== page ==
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  1. #1
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    Default Power Vent Exhaust To Direct Vent Furnace Intake Clearance

    Many of the power vent water heater installation manuals I have reviewed call for the power vent exhaust termination to be 3' above any forced air inlet within 10' horizontally.

    My question is - would the combustion air intake for a direct vent furnace be defined as "a forced air inlet"?

    And if not...what are some examples of "forced air inlets"?

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    Dave Tontarski
    Act in haste....repent in leisure

  2. #2
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    Default Re: Power Vent Exhaust To Direct Vent Furnace Intake Clearance

    Quote Originally Posted by David Tontarski View Post
    Many of the power vent water heater installation manuals I have reviewed call for the power vent exhaust termination to be 3' above any forced air inlet within 10' horizontally.

    My question is - would the combustion air intake for a direct vent furnace be defined as "a forced air inlet"?

    And if not...what are some examples of "forced air inlets"?
    The combustion air intake is not a fresh air intake. A fresh air intake would be something like an HRV, which sucks in fresh air from the outside. This is when the 3/10 rule would apply.
    Healthy Climate Heat Recovery Ventilator (HRV) | Lennox Residential

    Scott Patterson, ACI
    Spring Hill, TN
    www.traceinspections.com

  3. #3
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    Default Re: Power Vent Exhaust To Direct Vent Furnace Intake Clearance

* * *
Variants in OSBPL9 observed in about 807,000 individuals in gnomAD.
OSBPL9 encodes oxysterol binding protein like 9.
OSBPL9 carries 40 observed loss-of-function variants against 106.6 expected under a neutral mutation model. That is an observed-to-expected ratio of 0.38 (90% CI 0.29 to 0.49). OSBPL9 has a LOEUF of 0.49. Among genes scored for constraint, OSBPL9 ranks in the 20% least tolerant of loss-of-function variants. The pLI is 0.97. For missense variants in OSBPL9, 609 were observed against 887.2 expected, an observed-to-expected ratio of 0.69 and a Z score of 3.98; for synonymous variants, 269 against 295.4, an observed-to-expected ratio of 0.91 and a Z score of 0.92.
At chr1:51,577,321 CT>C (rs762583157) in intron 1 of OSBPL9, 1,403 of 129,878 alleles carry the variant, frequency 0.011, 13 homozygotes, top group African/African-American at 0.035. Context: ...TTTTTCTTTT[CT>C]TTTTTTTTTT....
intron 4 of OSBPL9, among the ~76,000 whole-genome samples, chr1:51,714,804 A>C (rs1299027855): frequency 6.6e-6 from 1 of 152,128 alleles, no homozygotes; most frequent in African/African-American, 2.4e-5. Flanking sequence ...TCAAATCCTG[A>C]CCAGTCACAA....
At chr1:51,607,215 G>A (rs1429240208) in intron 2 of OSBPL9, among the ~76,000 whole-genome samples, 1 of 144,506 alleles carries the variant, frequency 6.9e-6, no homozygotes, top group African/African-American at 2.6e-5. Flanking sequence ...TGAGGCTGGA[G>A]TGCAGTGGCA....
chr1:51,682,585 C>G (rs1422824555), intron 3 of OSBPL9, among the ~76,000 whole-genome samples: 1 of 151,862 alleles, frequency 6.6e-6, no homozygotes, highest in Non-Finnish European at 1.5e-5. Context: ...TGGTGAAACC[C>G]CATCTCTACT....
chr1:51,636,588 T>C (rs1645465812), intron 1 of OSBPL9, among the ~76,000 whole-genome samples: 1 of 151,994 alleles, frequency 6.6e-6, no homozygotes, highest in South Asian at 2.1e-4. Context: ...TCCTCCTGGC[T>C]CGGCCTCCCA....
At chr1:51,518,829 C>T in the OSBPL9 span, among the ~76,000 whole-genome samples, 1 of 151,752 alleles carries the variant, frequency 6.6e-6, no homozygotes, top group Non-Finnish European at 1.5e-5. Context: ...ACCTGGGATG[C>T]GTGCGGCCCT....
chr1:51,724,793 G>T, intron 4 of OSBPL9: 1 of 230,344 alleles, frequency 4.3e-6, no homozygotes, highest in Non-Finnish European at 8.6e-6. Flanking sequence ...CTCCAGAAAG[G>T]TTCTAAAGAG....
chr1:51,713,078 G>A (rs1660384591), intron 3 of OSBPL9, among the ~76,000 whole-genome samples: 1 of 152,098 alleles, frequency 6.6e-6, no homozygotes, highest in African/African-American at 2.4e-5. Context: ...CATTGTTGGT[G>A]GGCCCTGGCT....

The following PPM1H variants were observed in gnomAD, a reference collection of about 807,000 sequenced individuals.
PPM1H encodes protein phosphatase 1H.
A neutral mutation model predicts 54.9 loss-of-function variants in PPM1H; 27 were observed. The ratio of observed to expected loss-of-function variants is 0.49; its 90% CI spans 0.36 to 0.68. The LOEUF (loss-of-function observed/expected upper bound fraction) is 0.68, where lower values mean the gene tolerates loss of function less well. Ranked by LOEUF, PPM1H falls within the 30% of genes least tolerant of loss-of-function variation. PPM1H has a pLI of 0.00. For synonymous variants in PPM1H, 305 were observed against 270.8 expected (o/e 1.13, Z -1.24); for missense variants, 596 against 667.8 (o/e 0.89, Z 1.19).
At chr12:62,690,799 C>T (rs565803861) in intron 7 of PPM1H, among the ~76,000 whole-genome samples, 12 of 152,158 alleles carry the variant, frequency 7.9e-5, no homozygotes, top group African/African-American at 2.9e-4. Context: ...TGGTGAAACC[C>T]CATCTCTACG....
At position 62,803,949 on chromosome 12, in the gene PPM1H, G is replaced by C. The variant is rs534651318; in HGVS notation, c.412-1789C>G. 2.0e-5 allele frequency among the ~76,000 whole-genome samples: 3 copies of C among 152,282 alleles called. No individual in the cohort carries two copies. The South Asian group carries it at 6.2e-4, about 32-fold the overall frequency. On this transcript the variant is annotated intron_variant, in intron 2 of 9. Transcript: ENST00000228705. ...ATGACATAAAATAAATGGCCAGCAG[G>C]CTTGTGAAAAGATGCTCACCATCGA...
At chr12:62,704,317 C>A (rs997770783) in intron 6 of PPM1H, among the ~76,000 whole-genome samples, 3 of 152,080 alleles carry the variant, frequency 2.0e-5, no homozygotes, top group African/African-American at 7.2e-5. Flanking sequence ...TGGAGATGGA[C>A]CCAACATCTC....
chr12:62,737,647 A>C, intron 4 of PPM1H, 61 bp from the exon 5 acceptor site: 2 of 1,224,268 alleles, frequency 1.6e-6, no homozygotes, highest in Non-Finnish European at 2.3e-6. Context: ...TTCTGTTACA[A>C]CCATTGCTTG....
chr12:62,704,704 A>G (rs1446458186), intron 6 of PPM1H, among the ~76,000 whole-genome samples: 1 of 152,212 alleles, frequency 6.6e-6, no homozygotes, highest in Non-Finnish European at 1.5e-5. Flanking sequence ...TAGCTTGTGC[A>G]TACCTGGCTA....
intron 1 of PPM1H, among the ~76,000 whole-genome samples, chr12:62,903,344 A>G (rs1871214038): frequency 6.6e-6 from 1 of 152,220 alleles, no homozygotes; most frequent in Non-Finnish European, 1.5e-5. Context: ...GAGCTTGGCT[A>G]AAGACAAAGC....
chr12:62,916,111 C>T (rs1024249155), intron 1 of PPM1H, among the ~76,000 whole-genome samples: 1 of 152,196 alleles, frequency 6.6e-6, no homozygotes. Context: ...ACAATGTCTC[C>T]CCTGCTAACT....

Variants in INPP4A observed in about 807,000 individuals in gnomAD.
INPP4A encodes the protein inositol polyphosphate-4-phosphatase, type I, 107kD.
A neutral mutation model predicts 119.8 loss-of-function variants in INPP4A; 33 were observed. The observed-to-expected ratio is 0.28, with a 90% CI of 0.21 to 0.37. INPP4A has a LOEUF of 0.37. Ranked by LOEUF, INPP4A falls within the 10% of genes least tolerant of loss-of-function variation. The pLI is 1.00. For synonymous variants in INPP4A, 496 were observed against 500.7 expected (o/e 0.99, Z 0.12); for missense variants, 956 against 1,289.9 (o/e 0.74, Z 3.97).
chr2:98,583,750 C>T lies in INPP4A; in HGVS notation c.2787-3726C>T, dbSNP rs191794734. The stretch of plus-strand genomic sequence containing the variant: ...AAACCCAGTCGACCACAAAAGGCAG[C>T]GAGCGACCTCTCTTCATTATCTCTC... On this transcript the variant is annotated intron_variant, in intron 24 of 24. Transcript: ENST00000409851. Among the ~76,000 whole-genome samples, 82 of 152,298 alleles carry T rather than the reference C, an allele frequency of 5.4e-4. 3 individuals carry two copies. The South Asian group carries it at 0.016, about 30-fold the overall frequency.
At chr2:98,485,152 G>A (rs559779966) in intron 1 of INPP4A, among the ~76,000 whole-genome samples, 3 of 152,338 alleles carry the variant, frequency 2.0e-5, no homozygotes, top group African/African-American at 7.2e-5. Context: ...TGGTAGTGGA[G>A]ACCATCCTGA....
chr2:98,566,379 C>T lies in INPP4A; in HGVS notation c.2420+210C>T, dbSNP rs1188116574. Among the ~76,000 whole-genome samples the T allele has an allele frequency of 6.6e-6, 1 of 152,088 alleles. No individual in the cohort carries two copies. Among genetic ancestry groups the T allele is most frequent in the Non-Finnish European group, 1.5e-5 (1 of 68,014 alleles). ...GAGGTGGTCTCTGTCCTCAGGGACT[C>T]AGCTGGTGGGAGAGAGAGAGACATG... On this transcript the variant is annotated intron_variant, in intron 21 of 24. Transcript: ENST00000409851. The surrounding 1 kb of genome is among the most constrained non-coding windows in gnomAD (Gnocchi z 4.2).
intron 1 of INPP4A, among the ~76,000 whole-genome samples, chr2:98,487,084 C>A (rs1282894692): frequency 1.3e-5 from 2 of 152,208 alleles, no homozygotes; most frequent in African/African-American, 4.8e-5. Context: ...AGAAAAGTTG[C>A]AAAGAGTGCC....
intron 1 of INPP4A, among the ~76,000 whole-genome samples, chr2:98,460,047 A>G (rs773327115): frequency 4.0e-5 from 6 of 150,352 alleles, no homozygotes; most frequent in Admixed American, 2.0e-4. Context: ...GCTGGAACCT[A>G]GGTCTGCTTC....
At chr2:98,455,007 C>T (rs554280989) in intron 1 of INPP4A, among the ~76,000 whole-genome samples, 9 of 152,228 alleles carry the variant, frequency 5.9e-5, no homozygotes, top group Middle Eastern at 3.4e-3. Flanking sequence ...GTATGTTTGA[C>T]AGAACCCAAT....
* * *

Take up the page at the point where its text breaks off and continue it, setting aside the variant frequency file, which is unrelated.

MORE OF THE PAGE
Quote Originally Posted by Scott Patterson View Post
    The combustion air intake is not a fresh air intake. A fresh air intake would be something like an HRV, which sucks in fresh air from the outside. This is when the 3/10 rule would apply.
    Healthy Climate Heat Recovery Ventilator (HRV) | Lennox Residential
    My question is - would the combustion air intake for a direct vent furnace be defined as "a forced air inlet"?

    The room needs adequate combustion air. The system you are talking about is most probably in the mechanical room. even if not, the room needs combustion air for the appliance.
    Any household appliance thats feed is flammable gas, liquid or liquid under pressure needs combustion air. There would be a direct vent feeding the room or adequate space and the room vented.

    I personally have never seen a direct combustion air feed directly to the appliance at the source of ignition and burn.
    I can imagine many reasons why it is not done that way. Just the intake venting would be a nightmare and space is at a premium in a home. Any blockage restricting air could be damaging and a safety risk. I may be wrong mind you.
    I hope that helps.

    In short the above is a heat recovery system.
    The acronym HRV (Heat Recovery Ventilation) systems was new Peter.
    Thanks.